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Media rights and the IP battlegrounds within esports

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  • Topics:
    • Emerging Risks
    • Intellectual Property
    • Risk Management

In the world of esports that intellectual property (IP) rights are managed poses significant questions for broadcasters and tournament organisers due to the unique way in which the industry operates...

Unlike in regular sports where no one ‘owns’ the game, esports is built around  video games that are the sole intellectual property of either the developer or the distributor who retains complete control over how their game is used.

Copyright laws are designed to protect the economic interests of the owner by giving them rights over how their work is used by third parties, which includes selling exclusive rights to others.

Those using a game for their own commercial interests, such as streaming game content or hosting tournaments, must have the correct permissions in place, and use it as stipulated in the agreement. Failure to obtain permission or a violation of the licencing arrangement can result in suits for copyright infringement from the game owner.

That said, and somewhat confusingly, some game developers openly permit, and sometimes encourage, use of their IP by third parties for non-commercial purposes as having the gamer community engaged in generating and sharing content boosts the standing of the game. The owner can of course decide at any time to restrict those rights.

Disputes arise

The model becomes increasingly complex where one party holds the rights to game content and another to content generated by a player who competes in that particular game. This was illustrated in a dispute that arose in 2015 between two leading esports streaming platforms, Twitch and Azubu.

The issue centred on the use of content generated by Faker, one of the best known League of Legends (LoL) players, on a Twitch stream. Azubu at the time held the exclusive rights to stream content generated by Faker and issued a complaint to Twitch regarding the use of content it saw as its IP. Twitch responded by taking down all the player’s content it had hosted on its site.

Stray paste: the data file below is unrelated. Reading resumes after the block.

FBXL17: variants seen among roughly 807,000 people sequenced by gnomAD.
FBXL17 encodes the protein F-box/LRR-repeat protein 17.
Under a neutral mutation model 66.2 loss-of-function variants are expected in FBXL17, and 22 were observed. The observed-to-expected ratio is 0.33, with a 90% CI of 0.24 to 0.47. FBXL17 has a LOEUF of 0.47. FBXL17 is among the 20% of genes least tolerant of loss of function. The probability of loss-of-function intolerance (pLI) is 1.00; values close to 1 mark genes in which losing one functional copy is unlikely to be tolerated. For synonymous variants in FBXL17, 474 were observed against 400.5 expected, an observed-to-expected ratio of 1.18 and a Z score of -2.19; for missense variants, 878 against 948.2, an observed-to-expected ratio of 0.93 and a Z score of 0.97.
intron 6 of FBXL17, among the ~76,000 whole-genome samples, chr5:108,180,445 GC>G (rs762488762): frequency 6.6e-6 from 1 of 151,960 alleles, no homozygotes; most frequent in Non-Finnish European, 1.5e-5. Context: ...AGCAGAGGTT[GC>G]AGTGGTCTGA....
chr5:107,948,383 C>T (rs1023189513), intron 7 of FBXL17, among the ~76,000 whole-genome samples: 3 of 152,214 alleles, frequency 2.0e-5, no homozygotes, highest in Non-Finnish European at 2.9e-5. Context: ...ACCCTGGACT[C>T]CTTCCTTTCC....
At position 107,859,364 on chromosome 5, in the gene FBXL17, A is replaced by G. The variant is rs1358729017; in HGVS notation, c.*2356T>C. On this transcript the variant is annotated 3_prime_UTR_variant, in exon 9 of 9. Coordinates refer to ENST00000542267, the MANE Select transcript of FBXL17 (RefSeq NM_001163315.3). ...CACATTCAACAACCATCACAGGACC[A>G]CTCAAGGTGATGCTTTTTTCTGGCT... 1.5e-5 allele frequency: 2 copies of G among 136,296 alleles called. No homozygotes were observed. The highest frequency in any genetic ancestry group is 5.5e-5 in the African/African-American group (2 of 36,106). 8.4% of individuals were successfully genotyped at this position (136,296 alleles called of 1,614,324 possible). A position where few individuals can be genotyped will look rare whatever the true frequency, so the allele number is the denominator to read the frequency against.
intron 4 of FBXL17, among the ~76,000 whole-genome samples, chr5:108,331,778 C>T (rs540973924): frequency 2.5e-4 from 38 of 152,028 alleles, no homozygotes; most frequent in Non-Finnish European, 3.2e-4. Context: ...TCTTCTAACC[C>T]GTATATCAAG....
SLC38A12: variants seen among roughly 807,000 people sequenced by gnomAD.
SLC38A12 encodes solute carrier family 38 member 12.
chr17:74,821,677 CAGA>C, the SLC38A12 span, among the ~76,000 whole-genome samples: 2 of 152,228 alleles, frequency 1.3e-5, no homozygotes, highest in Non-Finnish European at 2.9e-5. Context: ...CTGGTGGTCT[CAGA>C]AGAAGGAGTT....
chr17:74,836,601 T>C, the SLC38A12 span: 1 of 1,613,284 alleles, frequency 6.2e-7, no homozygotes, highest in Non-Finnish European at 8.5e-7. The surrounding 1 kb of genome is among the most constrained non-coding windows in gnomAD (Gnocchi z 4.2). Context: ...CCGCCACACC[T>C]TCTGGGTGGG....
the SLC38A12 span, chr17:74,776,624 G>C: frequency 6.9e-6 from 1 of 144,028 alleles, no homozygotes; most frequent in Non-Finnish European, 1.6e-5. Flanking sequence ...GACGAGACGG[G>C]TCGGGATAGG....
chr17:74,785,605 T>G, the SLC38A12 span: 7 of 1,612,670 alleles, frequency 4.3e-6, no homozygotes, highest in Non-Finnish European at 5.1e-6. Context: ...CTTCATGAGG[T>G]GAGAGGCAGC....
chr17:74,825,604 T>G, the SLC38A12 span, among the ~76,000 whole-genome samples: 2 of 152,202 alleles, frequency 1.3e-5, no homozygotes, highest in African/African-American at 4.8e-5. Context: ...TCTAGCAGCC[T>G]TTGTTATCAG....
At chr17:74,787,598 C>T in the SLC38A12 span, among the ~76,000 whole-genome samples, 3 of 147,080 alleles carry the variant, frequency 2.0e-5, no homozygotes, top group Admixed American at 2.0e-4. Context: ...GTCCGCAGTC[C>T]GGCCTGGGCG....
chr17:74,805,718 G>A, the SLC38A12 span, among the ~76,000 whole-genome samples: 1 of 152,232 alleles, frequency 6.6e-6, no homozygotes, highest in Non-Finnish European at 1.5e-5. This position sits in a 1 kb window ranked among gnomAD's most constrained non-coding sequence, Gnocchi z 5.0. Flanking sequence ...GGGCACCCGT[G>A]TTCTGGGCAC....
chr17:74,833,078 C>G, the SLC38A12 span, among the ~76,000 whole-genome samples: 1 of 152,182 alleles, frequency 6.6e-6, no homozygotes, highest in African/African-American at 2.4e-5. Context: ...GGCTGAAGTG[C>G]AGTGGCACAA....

The owner and developer of LoL, Riot Games, got involved asserting Azubu did not have the legal right to take action against Twitch as it, not Azubu, held the IP rights to the game that Faker played.

However Riot Games also recognised that Azubu held the rights to Faker content and that the rival Twitch stream was harmful to his brand. Riot acknowledged that professionals had the right to control who used their own content when playing LoL and subsequently restricted use of Faker’s LoL content by other parties.

Following Fortnite player Ninja’s move from Twitch, a subsidiary of Amazon, to the Microsoft owned rival Mixer in August 2019 a similar dispute arose. Ninja at the time was the most watched player on Twitch who held rights to host a channel on its site dedicated to content generated by Ninja. After Ninja decided to end his relationship with Twitch and move to Mixer other Fortnite content started appearing on Ninjas’ Twitch channel. After pornography appeared on the channel, Ninja issued a public statement stating that Twitch were using his brand without his consent and indicated he was exploring legal means to have the channel removed from the Twitch platform. The dispute was resolved when Twitch removed the channel and content though it shows how easily disputes can arise.

Game owners and the owner of player content rights need to be very clear in the agreements they enter about who owns the respective rights as it is easy for disputes to arise through misunderstanding. Access to expert legal counsel to help identify and resolve licensing issues is available under specialist media liability insurance policies which can help stave off disputes before they arise.   

As it stands, the esports sector contains a minefield of risk for IP owners and creators, as well as for those streaming and taking part. Those utilising others’ content should tread carefully and ensure they have permissions in place. Media liability insurance can provide coverage for accidental copyright infringement offering protection to streaming platforms and those who generate content.